Cross-talk between ON and OFF channels in the salamander retina:: Indirect bipolar cell inputs to ON–OFF ganglion cells

    loading  Checking for direct PDF access through Ovid


It has been widely accepted that ON and OFF channels in the visual system are segregated with little cross-communication, except for the mammalian rod bipolar cell-AII amacrine cell-ganglion cell pathway. Here, we show that in the tiger salamander retina the light responses of a subpopulation of ON–OFF ganglion cells are mediated by crossing the ON and OFF bipolar cell pathways. Although the majority of ON–OFF ganglion cells (type I cells) receive direct excitatory inputs from depolarizing and hyperpolarizing bipolar cells (DBCs and HBCs), about 5% (type II cells) receive indirect excitatory inputs from DBCs and 20% (type III cells) receive indirect excitatory inputs from HBCs. These indirect bipolar cell inputs are likely to be mediated by a subpopulation of amacrine cells that exhibit transient hyperpolarizing light responses (ACHs) and make GABAergic/glycinergic synapses on DBC or HBC axon terminals. GABA and glycine receptor antagonists enhanced the ON and OFF excitatory cation current (ΔIC) in type I ganglion cells, but completely suppressed the ON ΔIC mediated by DBCs in type II cells and the OFF ΔIC mediated by HBCs in types III cells. Dendrites of type I cells ramify in both sublamina A and B, type II cells exclusively in sublamina A, and type III cells exclusively in sublamina B of the inner plexiform layer. These results demonstrate that indirect, amacrine cell-mediated bipolar cell-ganglion cell synaptic pathways exist in a non-mammalian retina, and that bidirectional cross-talk between ON and OFF channels is present in the vertebrate retina.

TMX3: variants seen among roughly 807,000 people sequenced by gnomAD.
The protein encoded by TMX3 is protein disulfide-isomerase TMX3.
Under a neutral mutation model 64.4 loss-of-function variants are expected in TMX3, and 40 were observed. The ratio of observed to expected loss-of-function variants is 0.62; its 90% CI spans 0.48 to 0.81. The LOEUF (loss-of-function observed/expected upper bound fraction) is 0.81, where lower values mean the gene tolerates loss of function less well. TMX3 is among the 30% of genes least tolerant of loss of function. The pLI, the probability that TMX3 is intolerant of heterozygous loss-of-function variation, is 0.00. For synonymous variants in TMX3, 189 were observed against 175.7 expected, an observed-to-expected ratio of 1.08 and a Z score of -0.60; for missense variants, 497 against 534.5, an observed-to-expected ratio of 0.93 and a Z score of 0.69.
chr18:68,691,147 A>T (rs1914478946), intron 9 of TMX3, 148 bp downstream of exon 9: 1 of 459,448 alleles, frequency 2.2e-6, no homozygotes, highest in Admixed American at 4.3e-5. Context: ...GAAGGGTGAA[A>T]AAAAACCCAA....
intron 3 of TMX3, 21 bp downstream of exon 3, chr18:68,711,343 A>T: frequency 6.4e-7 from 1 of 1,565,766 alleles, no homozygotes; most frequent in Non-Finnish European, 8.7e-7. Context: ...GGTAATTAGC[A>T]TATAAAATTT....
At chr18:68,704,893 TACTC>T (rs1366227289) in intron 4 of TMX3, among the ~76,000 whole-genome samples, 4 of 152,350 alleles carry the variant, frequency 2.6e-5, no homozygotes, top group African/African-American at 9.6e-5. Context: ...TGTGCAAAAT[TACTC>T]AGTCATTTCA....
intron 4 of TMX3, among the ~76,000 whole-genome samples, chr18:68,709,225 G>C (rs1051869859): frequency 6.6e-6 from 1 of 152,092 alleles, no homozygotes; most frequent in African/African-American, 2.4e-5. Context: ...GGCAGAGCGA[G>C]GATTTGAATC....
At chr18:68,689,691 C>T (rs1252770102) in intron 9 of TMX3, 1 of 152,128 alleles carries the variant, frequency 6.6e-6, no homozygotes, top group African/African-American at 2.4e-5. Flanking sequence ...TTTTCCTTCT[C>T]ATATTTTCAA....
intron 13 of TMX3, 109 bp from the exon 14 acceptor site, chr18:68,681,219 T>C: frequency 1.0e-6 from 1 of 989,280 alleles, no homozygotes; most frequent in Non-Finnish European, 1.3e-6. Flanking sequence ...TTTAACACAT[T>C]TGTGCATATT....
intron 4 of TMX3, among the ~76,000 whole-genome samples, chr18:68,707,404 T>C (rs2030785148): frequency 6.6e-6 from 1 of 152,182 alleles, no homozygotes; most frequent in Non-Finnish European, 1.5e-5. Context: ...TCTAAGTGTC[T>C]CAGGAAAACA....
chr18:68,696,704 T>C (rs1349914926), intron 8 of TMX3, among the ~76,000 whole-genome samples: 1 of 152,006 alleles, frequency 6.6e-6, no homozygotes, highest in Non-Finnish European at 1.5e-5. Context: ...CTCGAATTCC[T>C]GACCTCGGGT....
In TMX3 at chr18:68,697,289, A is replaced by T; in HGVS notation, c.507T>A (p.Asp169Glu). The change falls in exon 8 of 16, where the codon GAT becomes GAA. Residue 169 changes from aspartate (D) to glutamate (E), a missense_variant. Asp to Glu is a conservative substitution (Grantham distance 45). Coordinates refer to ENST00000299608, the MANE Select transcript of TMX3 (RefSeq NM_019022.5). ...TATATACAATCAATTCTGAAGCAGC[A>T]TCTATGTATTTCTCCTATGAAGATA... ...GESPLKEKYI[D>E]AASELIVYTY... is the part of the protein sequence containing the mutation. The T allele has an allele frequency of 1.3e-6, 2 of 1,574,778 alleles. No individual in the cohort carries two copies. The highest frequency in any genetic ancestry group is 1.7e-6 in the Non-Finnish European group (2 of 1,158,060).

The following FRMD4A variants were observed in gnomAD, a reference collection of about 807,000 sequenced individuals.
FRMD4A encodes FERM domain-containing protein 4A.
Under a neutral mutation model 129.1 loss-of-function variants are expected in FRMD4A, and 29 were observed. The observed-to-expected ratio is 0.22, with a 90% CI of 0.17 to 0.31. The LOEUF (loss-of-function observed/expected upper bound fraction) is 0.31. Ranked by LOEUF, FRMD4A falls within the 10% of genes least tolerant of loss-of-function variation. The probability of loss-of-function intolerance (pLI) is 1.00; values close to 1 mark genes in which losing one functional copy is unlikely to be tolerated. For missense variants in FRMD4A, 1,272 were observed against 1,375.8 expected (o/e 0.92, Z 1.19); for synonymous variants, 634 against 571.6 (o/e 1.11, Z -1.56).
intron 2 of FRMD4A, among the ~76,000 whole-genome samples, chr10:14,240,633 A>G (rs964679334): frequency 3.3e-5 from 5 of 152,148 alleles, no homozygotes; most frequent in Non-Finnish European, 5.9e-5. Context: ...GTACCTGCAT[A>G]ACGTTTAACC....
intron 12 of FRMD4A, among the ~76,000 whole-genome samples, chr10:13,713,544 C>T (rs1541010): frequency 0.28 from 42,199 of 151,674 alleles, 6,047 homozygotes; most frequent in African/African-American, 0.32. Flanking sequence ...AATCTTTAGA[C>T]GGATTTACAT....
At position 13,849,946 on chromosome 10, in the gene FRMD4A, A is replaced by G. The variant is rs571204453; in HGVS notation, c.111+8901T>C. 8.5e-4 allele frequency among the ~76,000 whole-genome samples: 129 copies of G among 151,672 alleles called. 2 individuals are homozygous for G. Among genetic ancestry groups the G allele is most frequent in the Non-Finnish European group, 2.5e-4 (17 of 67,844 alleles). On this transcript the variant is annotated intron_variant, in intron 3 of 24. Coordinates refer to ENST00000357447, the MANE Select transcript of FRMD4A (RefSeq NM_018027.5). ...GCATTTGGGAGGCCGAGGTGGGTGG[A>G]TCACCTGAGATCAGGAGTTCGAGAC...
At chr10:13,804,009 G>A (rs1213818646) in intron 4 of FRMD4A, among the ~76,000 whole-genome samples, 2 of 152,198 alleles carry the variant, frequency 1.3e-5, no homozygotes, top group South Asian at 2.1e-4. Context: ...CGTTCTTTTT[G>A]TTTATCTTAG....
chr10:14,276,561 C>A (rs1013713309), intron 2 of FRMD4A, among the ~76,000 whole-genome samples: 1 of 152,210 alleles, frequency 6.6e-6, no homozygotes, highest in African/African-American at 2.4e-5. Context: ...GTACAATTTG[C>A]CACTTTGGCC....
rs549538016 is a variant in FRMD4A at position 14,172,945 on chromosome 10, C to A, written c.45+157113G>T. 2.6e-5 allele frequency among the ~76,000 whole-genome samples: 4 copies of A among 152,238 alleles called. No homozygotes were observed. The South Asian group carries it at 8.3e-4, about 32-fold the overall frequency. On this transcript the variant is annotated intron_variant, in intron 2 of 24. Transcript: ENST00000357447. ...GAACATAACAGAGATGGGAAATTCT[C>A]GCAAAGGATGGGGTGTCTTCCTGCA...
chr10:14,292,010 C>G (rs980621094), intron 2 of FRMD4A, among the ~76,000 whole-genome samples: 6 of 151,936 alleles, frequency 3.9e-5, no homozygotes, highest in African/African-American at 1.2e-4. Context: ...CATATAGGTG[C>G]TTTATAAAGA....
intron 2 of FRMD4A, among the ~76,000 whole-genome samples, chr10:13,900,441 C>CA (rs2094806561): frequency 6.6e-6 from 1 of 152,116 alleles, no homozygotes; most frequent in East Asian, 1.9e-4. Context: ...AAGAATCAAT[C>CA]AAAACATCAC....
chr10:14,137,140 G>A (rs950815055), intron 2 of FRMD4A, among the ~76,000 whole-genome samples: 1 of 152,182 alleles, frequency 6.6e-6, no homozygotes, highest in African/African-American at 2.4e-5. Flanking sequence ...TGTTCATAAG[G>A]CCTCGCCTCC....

Related Topics

    loading  Loading Related Articles